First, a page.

Fixed object geo-location (RJH): In late 2019, RJH tagged and labeled all of the visible fixed objects on the surface of the old Jewish cemetery in Rohatyn, using temporary stakes pushed into the ground. These objects included the handful of surviving upright headstones and prone grave covers, and the two ohels and two memorial stelæ, plus a larger number of stumps of headstones broken off at the ground, as well as power poles, selected trees, and a few embedded concrete objects from postwar misuse of the cemetery. Rough dimensional measurements were also made of each of these nearly 80 objects. An optical level plus three long tape measures were used to accurately locate each of the objects in the horizontal plane with respect to key fence corners which had also been located by ESJF in 2017, so that the two measurement sets could be aligned. This object data (position, size, and orientation) was added as another layer to the CAD model for reference in the new project designs.
Subsurface object geo-location (RJH): A very preliminary and selective survey was conducted by RJH in late 2019 of areas within the cemetery where the stumps of broken headstones may be buried just under the ground surface. Three headstone bases were located this way, in two different sections of the cemetery, and slightly excavated to a depth of less than 10cm to check for residual inscriptions; only one of the three stones retained any recognizable carving. More a proof-of-concept than a survey, the method will be reserved for ground preparation ahead of the headstone memorial construction.
Site Clearing, Cleaning, and Reconditioning
Clearing the Rohatyn old Jewish cemetery of aggressive wild vegetation and accumulated garbage began with a large 5-day volunteer work event in 2018 and has continued since, over 15 days onsite in 2019 with 3 to 25 volunteers per day and ongoing in 2020 with a single volunteer during the global coronavirus pandemic. The goals of this clearing effort have been to:
- cut and remove unwanted opportunistic shrubs and young trees across the site
- cut and thin tall shrubs and overhanging tree branches at the fence lines
- remove dead and low-hanging branches from mature trees within the cemetery
- remove green waste (dumped shrubs, reeds, and trees) from before 2018
- remove garbage (bottles, cans, foil, etc.) from past recreational misuse of the site or waste dumping
- remove dumped construction waste (concrete, metal mesh, wire, etc.)
- remove poisonous heracleum plants and other hazards to workers and visitors from the site
- regularly mow the thick wild grasses to reveal the cemetery land profile and hidden headstones
- trim shrubs and medium-sized trees which may be retained in the project plans
The activities, costs, and progress of this clearing effort are summarized in RJH annual reports at the end of each year; the 2019 report is typical and links to news stories which show the work in detail. The major effort in 2018 and 2019 removed much of the heaviest wild vegetation in the old cemetery, so now the focus is on conditioning the ground (including leveling tough anthills), remedial clearing of problematic areas (including the steep slope at the cemetery east end), ongoing work to cut shrub and small tree stumps flush to the ground (to promote rotting and minimize trip hazards), ongoing cutting and killing of poisonous plants, plus regular grass mowing. The re-growth of wild vegetation is quick in western Ukraine; thick grasses grow knee-high in a month (and heracleum can grow head-high or higher in the same time period), so the site currently requires frequent attention at an estimated annual cost of US$4000 including amortized tool wear and replacement.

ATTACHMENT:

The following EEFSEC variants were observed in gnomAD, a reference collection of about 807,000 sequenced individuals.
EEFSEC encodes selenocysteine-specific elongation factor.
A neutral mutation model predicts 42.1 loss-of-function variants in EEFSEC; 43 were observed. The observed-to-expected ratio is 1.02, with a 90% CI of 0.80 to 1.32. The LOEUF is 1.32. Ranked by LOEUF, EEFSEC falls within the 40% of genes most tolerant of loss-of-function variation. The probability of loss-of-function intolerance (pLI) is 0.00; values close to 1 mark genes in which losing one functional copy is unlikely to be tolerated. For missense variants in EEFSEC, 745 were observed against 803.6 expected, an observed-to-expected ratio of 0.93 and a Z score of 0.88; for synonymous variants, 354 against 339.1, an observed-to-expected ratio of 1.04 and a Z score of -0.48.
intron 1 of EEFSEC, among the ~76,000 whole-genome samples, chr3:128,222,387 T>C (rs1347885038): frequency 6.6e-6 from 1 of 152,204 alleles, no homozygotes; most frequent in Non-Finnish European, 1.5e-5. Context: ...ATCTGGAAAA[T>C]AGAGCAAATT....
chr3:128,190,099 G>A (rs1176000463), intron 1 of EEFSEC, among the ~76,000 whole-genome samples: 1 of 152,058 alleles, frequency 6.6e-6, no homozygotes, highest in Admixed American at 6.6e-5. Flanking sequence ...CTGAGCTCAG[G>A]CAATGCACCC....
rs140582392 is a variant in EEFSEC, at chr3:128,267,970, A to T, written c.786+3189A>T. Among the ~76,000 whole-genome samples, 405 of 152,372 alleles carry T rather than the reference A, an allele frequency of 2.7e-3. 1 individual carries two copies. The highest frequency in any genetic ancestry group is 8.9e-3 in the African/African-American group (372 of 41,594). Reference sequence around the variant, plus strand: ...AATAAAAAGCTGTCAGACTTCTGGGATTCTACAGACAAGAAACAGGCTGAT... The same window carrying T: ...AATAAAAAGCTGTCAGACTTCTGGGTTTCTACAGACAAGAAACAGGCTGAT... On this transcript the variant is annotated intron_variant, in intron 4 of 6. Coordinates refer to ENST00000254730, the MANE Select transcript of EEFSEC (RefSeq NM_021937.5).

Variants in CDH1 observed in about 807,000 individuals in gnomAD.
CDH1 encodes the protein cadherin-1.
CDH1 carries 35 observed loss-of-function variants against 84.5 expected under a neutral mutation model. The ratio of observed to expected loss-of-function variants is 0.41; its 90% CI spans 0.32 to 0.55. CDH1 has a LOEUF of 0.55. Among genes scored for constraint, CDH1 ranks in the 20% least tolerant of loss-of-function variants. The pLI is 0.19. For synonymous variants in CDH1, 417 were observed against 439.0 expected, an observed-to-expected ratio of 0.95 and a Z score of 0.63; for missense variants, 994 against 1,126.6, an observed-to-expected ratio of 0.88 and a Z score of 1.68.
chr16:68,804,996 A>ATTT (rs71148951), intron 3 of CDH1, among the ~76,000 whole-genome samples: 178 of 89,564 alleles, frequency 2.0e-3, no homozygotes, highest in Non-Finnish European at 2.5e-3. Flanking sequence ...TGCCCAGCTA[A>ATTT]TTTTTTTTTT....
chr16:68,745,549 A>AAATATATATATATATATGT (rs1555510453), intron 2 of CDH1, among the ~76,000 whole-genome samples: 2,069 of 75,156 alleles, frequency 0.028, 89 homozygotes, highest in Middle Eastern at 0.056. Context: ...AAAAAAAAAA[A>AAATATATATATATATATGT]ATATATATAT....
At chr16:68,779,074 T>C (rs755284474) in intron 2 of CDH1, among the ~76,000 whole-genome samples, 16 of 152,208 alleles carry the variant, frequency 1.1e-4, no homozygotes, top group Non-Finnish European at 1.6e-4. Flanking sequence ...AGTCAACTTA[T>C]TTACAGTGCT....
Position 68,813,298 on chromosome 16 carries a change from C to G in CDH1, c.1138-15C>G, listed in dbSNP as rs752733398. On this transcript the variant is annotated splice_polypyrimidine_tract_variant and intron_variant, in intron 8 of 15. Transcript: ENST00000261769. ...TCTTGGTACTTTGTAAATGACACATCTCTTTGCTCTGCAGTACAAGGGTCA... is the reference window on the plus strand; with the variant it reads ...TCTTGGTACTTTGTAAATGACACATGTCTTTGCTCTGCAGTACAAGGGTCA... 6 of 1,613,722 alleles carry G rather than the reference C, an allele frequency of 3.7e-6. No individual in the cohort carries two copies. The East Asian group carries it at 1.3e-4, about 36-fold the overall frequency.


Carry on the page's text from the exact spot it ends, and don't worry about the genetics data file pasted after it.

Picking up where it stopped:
Memorial Design, Development, and Care
The concepts and plans for the overall cemetery rehabilitation project call for retaining all fixed memorial objects in their current locations, including surviving upright headstones, ohels, and memorial stelæ. Similarly, new work will not displace other fixed man-made objects in the cemetery (e.g. electrical power poles and supports) except where those objects no longer serve any community purpose.
The first key built feature of the rehabilitation project will be a new memorial monument incorporating the recovered Jewish headstones (which are currently being collected in groups as they are returned to an area in the northwestern quadrant of the cemetery). The design for the new memorial serves four purposes:
- to isolate the recovered stone fragments from damp earth, slowing their decay;
- to improve access to each stone fragment for study and contemplation of its unique features;
- to make the placement of each stone fragment provisional, so that fragments originally from a single stone but found in separate locations may be brought together; and
- to amplify the Jewish identity of the site, while maintaining a low visual profile so visitors can view the entire space from any position within the cemetery.
The memorial will be created in the shape of a Star of David (Magen David, also called a Shield of David), a hexagram ornament commonly associated with Judaism (although its use has never been limited to only Jewish purposes). The star will be built nearly horizontal, placed on and projecting above the surface of the cemetery to a short height, typically 20-25cm (8 to 10 inches), and generally following the contour of the landscape where it is installed. The star will extend to a diameter of about 50m, fitting well within the width of the cemetery and centered approximately in the middle of the site, adjusted to avoid interfering with other existing fixed objects. The overlapping outline of the star will be cut into six segments, without altering the bold outline of the symbol, to provide walking paths between and around the segments so that visitors can reach all sides of each segment they wish to closely examine.